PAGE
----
31 May 2015

For the last several years I have been one of the Sunday teachers in our Elder’s Quorum (for those unfamiliar with LDS Church practices, that’s like a Men’s Group Sunday School Class.) My assignment about 10 times a year is to prepare a lesson based on an assigned sermon delivered during the most recent General Conference.

In the four years I have been teaching these “Teachings for our Times” lessons, I had never been assigned a talk by one of the church’s female auxiliary leaders. So, when the lesson schedule was released and I saw that May’s lesson was a talk given by one of the sister leaders, I was initially excited. Then I realized that rather than being the talk by Sister Wixom that I found incredibly inspiring, I was assigned a talk titled “Defenders of the Family Proclamation” by Sister Oscarson.

This was the most difficult lesson for me to prepare in years. I feel like I have to be completely authentic when I teach, and I am not a huge fan of the Proclamation, particularly the way it gets used in some LDS circles. At the same time, if I wanted to be completely faithful to my personal feelings, I would argue that “protecting the family” requires traditionally progressive ideas like:

  • living wages,
  • family friendly leave policies,
  • single-payer and socialized health care,
  • expansion of subsized higher-education.

Ideas that don’t find a lot of support in the heart of conservative Utah, and not really in line with the points Sister Oscarson was trying to make.

It seems likely given Supreme Court cased being decided this summer that this talk will be assigned in numerous other congregations, and several friends have asked how I taught this lesson and remained faithful to both the orginal by Sister Oscarson and to my own feelings and testimony. With that in mind, I have decided to share my notes from that lesson. Hope they will be helpful to someone in the LDS Blogosphere.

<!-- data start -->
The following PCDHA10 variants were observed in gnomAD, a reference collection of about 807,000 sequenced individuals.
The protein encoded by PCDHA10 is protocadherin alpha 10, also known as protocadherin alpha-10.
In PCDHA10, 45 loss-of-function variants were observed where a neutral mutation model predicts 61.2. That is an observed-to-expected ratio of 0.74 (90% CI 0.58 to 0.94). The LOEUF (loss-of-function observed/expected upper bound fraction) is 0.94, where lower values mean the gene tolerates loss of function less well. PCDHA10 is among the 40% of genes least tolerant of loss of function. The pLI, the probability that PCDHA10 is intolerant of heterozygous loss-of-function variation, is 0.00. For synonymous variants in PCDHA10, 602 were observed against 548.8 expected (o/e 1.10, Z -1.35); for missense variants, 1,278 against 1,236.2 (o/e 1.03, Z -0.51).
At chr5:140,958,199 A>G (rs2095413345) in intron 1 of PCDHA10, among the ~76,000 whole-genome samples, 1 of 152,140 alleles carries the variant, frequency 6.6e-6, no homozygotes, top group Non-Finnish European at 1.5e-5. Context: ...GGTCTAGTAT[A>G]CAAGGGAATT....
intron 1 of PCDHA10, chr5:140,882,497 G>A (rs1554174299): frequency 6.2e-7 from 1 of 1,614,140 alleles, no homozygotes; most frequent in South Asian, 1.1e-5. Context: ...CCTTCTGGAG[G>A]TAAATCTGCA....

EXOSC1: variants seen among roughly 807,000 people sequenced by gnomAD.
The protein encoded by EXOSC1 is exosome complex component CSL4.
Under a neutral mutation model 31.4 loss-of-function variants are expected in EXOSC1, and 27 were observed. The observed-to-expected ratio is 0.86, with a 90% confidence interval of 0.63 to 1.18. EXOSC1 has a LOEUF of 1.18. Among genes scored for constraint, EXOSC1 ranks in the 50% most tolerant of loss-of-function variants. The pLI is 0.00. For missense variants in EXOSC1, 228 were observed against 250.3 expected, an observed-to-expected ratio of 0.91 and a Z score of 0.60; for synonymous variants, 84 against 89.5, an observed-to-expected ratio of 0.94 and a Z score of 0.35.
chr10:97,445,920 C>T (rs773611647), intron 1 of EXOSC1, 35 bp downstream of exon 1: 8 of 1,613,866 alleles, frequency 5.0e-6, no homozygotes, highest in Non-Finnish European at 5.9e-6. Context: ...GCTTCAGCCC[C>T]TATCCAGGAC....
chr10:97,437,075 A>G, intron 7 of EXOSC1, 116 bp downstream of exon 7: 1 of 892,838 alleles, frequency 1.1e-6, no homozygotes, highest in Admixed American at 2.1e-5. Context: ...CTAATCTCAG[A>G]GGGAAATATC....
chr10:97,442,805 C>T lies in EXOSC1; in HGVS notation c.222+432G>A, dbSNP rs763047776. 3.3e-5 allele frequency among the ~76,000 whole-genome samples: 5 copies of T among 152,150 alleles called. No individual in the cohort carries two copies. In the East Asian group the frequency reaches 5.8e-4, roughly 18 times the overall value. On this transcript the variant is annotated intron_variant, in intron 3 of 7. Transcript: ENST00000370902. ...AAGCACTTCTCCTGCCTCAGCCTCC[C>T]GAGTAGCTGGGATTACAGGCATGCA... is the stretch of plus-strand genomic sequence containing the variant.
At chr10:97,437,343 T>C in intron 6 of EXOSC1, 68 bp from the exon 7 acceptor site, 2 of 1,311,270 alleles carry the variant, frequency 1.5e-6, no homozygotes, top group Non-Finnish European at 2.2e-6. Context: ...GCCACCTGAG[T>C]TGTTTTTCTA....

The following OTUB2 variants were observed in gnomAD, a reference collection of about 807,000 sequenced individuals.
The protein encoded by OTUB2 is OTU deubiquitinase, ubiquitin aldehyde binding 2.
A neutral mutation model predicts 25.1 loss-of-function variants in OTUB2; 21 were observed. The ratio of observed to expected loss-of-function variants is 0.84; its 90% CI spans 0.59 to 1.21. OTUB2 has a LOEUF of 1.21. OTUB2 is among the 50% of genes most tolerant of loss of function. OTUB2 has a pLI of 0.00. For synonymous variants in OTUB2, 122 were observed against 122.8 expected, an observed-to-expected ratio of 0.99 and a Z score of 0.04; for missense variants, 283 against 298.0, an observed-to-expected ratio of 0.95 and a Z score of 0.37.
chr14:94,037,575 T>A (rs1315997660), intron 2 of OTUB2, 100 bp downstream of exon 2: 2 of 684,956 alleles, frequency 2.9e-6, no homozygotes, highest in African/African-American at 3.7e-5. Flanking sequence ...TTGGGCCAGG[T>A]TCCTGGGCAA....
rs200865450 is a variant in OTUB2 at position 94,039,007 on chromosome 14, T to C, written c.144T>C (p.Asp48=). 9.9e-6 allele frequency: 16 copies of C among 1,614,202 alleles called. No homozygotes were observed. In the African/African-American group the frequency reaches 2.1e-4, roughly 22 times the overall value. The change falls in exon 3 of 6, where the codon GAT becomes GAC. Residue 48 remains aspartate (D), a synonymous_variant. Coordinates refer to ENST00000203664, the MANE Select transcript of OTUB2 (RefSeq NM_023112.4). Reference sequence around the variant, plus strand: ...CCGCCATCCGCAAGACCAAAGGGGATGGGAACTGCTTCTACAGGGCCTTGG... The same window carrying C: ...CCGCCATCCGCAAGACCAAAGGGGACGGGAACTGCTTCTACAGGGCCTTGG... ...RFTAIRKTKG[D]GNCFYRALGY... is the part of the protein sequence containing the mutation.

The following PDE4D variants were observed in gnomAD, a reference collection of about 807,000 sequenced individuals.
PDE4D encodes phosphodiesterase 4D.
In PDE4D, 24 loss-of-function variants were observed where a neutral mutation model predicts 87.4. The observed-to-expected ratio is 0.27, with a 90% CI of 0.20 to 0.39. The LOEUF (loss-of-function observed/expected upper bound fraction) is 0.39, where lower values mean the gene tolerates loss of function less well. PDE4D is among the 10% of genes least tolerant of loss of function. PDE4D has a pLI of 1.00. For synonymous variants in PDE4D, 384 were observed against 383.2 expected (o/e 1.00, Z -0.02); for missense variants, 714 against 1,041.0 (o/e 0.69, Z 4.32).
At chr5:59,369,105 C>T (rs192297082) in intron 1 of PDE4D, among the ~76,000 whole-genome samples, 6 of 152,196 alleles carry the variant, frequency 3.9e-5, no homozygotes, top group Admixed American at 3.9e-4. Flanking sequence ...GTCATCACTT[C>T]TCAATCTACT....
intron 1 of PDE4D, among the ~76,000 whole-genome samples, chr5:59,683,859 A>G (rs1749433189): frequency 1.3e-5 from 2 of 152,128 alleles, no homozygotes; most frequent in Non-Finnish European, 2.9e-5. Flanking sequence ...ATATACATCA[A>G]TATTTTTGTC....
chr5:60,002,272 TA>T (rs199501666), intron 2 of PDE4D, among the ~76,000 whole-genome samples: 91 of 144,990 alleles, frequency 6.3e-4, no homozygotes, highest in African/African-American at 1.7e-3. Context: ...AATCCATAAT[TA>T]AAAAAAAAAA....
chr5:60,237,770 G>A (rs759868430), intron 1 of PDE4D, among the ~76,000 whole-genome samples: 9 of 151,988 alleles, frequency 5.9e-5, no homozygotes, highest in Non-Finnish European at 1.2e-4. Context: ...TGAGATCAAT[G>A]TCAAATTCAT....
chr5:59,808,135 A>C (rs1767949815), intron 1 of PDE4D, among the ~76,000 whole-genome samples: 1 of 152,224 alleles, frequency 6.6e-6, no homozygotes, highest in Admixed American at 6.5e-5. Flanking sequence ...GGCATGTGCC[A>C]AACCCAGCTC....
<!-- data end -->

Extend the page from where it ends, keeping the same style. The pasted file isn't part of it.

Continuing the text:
Defenders of the Family Proclamation


I bristle a bit when I hear the Proclamation described as revelation, revelatory or see it elevated to a status equal to scripture. I know I am not the only one. As an example, over the pulpit in the 2010 October Conference President Packer stated that The Family: A Proclamation to the World, “qualifies according to definition, as a revelation…” The printed version of that talk released in the Ensign a month later include a revision. It states that the proclamation “is a guide that members of the Church would do well to read and to follow.”

That does not mean that I lack any conviction that it contains valuable principles and guidance for our lives. However, I have found that the furthest I can go is to accept the description of the Proclamation given by President Hinckley when he introduced the Proclamation at the Women’s Conference in October 1995, He said, “the First Presidency and Council of the Twelve Apostles now issue a proclamation to the Church and to the world as a declaration and reaffirmation of standards, doctrines, and practices relative to the family which the prophets, seers, and revelators of this church have repeatedly stated throughout its history.”

What does it mean to say that the Proclamation is a “a declaration and reaffirmation of standards, doctrines, and practices relative to the family”?

Sis Oscarson: May I point out something obvious? Life rarely goes exactly according to plan for anyone, and we are very aware that not all women are experiencing what the proclamation describes. It is still important to understand and teach the Lord’s pattern and strive for the realization of that pattern the best we can.